Throughout human history, epidemics have had enormous impact on the civilizations of the world. From great plaques to disfiguring disease, mankind has been at constant war with these invisible enemies. During the 18th century, there were thirteen severe epidemics throughout the world. In the 19th century, there were twelve. Historians and virologists estimate that eight of these were influenza pandemics.
During the 19th century, the United States was hit hard by two separate influenza pandemics. The first broke out in China during the winter of 1830. It spread southwards by sea to the Philippines, Indonesia and India and then onto Russia and across Europe. By 1831, the epidemic had reached the United States, infecting 20–25% of the population. Interestingly, the mortality rate of this influenza was not as high as the mortality rate of Cholera, which was spreading across the US at the same time. This influenza was seasonal and by the winter of 1833, the infection rate had fallen.
The other great influenza pandemic impacting the US started in Russia in May 1889. At the time, Europe alone had well over 100,000 miles of railroads and travel across the Atlantic Ocean took less than six days. As a result, this “Russian Flu” virus had spread throughout the entire Northern Hemisphere within four months. In the United States, the first case was reported in early December 1889. A mere five weeks later, deaths caused by the virus had peaked in America.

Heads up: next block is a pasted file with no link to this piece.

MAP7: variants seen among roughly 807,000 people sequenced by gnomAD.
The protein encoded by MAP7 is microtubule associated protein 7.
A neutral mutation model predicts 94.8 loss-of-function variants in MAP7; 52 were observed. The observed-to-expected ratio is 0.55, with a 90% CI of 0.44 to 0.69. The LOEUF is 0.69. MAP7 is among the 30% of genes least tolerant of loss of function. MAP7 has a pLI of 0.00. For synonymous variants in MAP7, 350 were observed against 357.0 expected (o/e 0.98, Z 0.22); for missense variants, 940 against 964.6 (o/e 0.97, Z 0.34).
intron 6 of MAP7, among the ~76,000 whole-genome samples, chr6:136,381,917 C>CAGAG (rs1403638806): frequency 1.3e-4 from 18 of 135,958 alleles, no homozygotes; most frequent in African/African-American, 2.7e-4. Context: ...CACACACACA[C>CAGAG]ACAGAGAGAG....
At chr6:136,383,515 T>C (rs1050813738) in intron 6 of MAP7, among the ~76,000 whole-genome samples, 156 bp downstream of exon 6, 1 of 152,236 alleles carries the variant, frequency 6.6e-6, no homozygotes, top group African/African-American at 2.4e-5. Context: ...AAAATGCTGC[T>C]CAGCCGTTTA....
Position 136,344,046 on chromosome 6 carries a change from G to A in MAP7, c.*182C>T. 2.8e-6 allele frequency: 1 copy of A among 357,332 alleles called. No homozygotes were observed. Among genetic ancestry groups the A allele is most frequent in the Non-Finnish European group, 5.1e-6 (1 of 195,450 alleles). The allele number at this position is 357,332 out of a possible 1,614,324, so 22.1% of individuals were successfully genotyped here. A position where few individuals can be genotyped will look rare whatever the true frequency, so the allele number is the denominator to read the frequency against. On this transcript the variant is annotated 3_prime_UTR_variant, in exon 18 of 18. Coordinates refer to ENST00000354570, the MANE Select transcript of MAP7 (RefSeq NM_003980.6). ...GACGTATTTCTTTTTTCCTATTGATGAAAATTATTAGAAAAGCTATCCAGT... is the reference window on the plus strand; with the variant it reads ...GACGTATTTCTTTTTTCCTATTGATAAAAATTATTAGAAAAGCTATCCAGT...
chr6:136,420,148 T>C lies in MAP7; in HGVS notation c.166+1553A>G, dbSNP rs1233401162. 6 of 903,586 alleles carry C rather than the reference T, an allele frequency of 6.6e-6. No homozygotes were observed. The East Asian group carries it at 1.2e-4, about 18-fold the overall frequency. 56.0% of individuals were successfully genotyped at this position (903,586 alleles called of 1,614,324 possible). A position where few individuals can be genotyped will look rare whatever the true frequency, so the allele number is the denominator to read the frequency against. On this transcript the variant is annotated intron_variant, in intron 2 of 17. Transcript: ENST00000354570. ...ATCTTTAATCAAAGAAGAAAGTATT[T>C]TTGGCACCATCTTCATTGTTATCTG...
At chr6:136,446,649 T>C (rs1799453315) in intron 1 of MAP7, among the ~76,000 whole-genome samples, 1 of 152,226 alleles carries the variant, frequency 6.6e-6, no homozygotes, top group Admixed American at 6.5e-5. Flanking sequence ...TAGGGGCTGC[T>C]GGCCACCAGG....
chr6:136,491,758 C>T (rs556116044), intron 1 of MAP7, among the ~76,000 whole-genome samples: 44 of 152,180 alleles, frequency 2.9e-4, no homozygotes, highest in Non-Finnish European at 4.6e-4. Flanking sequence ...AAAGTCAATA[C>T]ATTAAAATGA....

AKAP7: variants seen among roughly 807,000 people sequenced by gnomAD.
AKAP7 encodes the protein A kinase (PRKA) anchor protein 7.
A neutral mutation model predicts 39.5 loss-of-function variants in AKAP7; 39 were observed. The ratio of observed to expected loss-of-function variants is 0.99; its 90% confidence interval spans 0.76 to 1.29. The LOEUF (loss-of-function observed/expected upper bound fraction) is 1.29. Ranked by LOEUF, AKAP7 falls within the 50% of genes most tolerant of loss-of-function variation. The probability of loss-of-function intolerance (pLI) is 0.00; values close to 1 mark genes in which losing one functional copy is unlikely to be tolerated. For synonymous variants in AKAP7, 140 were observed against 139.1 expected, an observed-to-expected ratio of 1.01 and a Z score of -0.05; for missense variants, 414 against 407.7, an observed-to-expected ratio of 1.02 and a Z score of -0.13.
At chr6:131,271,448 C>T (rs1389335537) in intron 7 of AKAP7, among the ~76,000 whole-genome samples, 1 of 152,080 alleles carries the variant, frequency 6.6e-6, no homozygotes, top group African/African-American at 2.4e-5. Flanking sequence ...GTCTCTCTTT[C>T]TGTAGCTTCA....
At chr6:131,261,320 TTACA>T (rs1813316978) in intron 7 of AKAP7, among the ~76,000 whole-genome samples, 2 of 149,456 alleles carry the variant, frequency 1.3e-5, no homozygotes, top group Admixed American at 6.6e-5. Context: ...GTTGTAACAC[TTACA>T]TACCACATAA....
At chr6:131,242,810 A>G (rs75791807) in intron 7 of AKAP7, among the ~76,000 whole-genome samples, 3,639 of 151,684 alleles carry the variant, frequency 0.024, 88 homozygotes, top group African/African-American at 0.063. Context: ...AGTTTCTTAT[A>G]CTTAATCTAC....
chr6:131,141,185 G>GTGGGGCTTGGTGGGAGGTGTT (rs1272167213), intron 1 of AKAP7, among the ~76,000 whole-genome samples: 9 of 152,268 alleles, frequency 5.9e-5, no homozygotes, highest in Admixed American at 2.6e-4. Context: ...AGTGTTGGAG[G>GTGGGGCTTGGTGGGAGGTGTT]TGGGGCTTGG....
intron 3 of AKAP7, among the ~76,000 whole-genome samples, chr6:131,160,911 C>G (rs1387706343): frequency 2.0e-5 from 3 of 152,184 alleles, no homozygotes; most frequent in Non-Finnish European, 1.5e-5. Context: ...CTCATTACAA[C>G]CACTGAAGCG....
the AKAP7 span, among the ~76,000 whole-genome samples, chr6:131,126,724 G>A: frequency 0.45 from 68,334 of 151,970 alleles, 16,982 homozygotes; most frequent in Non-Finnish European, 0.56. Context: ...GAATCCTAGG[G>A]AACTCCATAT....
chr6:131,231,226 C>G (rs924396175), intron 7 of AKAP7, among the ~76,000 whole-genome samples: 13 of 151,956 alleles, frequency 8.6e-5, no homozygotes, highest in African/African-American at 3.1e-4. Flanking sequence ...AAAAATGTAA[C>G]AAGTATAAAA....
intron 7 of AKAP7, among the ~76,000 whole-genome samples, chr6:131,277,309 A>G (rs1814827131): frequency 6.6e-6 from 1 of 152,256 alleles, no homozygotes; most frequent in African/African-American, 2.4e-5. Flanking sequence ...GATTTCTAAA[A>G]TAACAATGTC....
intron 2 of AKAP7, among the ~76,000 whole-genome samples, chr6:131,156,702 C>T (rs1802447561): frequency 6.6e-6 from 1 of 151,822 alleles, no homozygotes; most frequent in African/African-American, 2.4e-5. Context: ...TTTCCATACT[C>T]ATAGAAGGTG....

Worldwide, the mortality rate of the “Russian Flu was estimated at about 4%, far less than the death might have been without “modern” medicine. New chemical compounds were being used to treat flu sufferers. The January 12, 1890 edition of a Paris satirical magazine depicted an unfortunate influenza sufferer accompanied by a parade of doctors, druggists, skeleton musicians and dancing girls representing the latest “miracle” drugs, quinine and antipyrine. As an aside, I find it interesting that today, just as doctors did in 1890, we are experimenting with malaria drugs and treatment therapies for COVID-19.
History is no stranger to global disease outbreaks, and each has taught us something about how to manage their spread and that we apply those lessons today.